Trends Shaping the Future of Special Education. Fastback 409 by Thomas P Lombardi( Book )

1 edition published in 1996 in English and held by 2 WorldCat member libraries worldwide

This booklet identifies major trends and practices in special education and relates them to current and expected changes in school policies and practices. Four specific trends are identified as grounded in evolutionary social forces that are likely to persist and result in lasting changes in school and society. These trends include integration and inclusion, collaboration and teaming, acceptance of diversity, and use of advanced technology. Individual sections briefly address the following broad areas in light of these trends: individualized instruction (including early intervention, responsible inclusion, and noncategorical program models); personnel preparation (including collaborative preparation models, innovative delivery systems, and national standards); emerging technologies (including assistive technologies and distance education); policy development (including education reform, family support, and transition programs); and diverse environments (including rural programs, urban programs, and learning from other countries). A concluding section stresses the continuing importance of federal legislation such as the Individuals with Disabilities Education Act, Section 504 of the Rehabilitation Act, and the Americans with Disabilities Act. (Contains 41 references.) (Db)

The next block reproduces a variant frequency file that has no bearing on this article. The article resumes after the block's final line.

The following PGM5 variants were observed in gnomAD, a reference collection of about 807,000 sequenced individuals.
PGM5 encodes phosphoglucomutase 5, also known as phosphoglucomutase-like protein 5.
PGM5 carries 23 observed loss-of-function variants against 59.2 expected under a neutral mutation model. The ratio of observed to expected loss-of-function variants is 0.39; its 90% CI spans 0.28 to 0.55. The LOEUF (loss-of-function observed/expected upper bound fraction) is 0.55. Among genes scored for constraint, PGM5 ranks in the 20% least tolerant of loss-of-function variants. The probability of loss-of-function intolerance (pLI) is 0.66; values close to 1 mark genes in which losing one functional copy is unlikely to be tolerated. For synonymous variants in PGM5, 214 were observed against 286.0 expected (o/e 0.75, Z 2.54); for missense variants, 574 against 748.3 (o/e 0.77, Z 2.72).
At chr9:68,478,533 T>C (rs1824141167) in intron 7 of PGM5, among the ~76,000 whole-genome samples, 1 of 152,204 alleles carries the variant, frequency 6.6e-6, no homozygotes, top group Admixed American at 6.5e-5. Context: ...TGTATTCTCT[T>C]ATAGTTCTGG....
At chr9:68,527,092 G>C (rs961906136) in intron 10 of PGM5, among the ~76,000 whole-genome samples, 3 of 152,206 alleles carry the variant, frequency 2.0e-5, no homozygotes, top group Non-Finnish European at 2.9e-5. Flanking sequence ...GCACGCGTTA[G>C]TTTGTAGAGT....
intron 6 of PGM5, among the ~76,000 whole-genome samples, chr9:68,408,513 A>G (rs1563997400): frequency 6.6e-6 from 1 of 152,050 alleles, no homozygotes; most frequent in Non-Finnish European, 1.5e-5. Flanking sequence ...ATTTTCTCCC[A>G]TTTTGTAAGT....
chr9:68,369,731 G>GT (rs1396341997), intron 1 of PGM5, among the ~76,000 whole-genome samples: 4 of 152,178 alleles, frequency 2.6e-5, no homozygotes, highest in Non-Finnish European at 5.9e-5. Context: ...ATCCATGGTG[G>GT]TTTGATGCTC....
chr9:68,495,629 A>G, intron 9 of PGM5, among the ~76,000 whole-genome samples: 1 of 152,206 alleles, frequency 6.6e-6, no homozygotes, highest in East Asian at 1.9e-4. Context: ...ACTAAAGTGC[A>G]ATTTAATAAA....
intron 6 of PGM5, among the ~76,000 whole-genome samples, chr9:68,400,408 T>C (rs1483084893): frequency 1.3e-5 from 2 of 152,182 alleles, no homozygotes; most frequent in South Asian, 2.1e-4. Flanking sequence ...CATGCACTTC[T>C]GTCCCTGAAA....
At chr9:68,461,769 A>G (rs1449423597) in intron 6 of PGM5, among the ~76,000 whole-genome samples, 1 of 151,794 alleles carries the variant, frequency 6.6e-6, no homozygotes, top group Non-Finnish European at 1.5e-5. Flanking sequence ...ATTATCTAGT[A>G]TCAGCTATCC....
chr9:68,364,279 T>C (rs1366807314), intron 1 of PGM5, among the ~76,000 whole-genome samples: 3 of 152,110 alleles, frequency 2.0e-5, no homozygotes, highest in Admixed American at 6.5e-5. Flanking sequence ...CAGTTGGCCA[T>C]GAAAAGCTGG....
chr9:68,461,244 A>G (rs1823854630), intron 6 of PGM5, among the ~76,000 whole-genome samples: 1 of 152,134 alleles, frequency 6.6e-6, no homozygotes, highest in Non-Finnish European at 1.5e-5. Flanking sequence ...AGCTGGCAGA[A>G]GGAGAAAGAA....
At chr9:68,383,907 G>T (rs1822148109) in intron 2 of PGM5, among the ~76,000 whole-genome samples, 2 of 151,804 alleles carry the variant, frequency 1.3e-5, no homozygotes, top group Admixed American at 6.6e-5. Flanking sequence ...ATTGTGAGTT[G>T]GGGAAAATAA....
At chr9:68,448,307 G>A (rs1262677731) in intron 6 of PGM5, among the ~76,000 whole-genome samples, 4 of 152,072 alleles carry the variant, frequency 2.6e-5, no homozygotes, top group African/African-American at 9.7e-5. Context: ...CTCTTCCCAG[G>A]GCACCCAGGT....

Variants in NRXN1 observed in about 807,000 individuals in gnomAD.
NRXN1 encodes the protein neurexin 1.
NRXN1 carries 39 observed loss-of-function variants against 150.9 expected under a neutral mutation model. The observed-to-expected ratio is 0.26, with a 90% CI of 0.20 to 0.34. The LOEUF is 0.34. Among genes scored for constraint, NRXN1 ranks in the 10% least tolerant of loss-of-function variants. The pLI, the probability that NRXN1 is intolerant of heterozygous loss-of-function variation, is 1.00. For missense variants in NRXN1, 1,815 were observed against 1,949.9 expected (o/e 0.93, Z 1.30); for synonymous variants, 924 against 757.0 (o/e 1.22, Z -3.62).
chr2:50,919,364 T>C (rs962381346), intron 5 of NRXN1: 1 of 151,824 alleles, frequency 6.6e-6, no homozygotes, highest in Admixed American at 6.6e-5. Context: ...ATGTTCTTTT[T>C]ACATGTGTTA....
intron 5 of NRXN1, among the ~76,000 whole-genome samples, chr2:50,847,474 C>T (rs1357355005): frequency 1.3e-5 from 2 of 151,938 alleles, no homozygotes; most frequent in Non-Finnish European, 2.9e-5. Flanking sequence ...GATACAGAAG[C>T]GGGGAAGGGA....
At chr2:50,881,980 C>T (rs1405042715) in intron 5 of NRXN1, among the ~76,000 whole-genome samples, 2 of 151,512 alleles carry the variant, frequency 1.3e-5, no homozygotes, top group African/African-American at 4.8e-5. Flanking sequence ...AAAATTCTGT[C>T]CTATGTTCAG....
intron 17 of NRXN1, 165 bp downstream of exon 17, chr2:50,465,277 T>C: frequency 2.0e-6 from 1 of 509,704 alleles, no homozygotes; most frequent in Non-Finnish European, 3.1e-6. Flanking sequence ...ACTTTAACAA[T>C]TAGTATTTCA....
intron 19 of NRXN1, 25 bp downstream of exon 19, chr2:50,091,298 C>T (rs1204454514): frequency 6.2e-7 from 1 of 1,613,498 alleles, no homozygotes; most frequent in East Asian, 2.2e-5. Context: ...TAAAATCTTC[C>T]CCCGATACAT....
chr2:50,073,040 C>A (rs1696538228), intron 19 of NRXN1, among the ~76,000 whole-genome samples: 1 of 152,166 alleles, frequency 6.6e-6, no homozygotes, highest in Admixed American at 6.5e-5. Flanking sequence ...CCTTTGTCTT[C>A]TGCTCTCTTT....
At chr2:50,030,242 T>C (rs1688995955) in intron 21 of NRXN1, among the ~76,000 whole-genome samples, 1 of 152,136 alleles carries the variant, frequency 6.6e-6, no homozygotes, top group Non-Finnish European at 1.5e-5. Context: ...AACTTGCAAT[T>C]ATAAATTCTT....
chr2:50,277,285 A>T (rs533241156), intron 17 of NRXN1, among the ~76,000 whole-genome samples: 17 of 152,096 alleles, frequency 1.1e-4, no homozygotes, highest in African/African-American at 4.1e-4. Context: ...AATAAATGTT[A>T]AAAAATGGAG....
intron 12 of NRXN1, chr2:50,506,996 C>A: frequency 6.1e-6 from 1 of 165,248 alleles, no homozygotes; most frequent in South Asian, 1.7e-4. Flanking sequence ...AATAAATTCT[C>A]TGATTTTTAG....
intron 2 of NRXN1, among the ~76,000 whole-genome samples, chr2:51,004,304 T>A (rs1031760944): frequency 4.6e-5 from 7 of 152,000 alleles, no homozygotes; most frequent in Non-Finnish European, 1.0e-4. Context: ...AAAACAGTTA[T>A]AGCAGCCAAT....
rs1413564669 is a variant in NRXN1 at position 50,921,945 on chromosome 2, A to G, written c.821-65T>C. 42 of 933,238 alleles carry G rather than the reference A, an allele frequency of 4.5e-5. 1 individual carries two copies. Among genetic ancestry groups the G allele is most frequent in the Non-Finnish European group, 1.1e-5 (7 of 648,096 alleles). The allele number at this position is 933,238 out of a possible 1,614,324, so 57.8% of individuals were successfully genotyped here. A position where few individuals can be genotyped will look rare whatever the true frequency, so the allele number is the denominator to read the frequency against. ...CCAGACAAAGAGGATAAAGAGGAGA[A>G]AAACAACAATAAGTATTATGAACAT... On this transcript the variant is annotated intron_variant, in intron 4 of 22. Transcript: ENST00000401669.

Stanford Achievement Tests and Students with Special Needs by Dawn Burke( Book )

1 edition published in 1998 in English and held by 2 WorldCat member libraries worldwide